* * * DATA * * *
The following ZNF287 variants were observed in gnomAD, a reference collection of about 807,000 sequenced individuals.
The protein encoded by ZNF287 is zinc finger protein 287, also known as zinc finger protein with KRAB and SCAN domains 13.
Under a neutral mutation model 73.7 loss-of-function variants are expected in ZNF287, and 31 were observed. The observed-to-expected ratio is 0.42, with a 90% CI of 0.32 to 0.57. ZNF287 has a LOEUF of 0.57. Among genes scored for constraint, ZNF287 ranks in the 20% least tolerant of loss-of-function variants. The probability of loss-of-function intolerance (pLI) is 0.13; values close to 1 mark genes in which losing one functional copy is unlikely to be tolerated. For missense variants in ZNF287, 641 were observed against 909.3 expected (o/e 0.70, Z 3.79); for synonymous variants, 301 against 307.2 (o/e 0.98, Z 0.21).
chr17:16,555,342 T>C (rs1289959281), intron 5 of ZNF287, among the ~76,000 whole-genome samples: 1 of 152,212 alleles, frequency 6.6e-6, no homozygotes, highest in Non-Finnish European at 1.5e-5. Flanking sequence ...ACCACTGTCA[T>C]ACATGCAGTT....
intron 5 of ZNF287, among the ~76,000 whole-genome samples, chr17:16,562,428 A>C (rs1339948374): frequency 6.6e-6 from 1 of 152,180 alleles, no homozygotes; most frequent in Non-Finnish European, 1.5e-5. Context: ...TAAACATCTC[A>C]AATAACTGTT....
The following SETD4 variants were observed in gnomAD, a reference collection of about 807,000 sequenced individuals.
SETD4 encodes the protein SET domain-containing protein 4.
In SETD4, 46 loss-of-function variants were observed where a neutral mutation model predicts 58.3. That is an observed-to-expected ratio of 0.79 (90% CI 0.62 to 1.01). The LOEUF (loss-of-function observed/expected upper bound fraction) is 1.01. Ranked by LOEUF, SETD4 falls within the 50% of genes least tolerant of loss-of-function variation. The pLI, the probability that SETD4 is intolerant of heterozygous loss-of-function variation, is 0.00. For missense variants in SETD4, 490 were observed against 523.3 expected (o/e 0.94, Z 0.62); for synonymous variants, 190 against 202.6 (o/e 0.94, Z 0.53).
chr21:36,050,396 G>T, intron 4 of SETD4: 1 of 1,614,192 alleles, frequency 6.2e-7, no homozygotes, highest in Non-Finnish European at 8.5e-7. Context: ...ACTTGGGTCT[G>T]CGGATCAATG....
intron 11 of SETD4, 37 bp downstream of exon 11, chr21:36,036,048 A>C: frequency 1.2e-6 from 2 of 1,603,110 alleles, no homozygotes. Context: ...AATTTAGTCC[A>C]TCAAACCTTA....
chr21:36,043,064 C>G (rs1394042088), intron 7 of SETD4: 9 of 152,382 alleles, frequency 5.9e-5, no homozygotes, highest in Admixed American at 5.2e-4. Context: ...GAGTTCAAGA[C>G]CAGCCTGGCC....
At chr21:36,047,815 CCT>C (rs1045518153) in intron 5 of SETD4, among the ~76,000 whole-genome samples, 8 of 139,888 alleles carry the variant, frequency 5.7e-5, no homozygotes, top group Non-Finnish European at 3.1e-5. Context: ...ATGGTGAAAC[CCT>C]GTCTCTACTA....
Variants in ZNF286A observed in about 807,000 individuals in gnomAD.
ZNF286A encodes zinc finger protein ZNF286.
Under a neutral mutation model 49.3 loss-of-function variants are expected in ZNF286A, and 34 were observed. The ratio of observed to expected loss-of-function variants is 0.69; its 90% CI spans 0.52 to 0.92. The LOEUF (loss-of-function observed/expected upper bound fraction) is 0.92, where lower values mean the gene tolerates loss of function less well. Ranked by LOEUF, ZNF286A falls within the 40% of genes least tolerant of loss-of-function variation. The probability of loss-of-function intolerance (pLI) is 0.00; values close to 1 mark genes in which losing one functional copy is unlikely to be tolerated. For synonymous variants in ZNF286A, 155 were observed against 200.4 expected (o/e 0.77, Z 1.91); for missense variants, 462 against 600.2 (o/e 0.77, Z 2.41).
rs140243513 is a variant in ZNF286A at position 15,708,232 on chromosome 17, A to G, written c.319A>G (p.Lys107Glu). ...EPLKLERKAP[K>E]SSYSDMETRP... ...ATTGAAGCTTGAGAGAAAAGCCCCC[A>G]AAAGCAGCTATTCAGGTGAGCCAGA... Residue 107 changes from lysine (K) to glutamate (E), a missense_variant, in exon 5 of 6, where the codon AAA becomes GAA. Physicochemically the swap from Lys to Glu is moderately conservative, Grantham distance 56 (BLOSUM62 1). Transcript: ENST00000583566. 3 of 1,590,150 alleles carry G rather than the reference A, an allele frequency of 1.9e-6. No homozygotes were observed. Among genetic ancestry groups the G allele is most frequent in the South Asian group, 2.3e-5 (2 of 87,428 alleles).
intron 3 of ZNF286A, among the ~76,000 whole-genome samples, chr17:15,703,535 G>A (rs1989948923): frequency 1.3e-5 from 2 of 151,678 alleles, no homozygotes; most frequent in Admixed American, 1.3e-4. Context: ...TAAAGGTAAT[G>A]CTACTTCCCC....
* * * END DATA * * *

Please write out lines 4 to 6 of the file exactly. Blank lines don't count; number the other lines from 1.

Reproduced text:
chr17:16,555,342 T>C (rs1289959281), intron 5 of ZNF287, among the ~76,000 whole-genome samples: 1 of 152,212 alleles, frequency 6.6e-6, no homozygotes, highest in Non-Finnish European at 1.5e-5. Flanking sequence ...ACCACTGTCA[T>C]ACATGCAGTT....
intron 5 of ZNF287, among the ~76,000 whole-genome samples, chr17:16,562,428 A>C (rs1339948374): frequency 6.6e-6 from 1 of 152,180 alleles, no homozygotes; most frequent in Non-Finnish European, 1.5e-5. Context: ...TAAACATCTC[A>C]AATAACTGTT....
The following SETD4 variants were observed in gnomAD, a reference collection of about 807,000 sequenced individuals.